4. Congrats for trying to show me your infinite superiority for working at Gibson when I was 5 years old. And so what? Would be a little bit more interesting and honnest to talk about your function at Gibson as an employee instead since you are using their name to add more credibility to yourself Funny that you talk about reaserch and homework otherwise you would have not started your arrogant quote by saying that Thaddeus McHugh invented the truss rod Elaborating my comment? I dont think so, check back at your post. Next time dont start a quote with such arrogance as you can see that it brings nothing at all, just another page of bashing fest which is indeed soooooooooo productive and interesting. I wasn't belittling you either, just reacting to your "so your telling me that..." Not at all, they buy flatsawn stock, cut out the necks, flip them over, and glue them together so that they become quatersawn. Quatersawn stock is just as cheap as flatsawn if you buy it first as flatsawn stock and use this technique ... Here a diagramm to visualise. Could have also been a 3 or two piece neck...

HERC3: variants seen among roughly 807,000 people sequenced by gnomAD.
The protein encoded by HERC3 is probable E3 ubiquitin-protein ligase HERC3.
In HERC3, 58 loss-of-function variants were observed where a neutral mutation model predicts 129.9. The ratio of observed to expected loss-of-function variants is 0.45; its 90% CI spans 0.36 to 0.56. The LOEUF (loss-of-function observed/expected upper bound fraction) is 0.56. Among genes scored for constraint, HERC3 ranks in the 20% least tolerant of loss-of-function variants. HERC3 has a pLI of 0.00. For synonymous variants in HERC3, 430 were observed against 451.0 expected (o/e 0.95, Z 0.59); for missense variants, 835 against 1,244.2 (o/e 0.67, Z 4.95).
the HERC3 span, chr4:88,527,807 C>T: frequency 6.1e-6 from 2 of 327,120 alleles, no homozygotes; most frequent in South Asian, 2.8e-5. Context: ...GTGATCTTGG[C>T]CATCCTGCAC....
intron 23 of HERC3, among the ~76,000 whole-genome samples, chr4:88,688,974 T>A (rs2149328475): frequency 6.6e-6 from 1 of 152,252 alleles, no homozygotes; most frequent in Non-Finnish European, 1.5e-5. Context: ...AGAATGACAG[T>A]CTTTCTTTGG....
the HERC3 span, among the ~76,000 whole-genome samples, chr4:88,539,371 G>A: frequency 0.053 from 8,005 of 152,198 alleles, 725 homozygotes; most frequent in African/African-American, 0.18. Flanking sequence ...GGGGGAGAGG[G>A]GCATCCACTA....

5. Thank you for your kind words, that made my day château d'Aigle
  6. I made this funny video couple weeks ago, I wanted to brake a myth about people who say that "mahogany" necks are easy to brake... http://www.youtube.com/watch?v=Xzg992kkF1g
  7. Oversized template, straight bit, no bearing and a guide installed on the router base.
  8. Yeah and I enjoy posting to help guys see how its done BUT I dont share everything One of my very last laminated necks and lacquer finished guitar was an 8 string cant find any more pics, sorry and here is my last lacquer finished instrument, after that I totally switched to oil finishes... another BC Rich ripp off! hahaha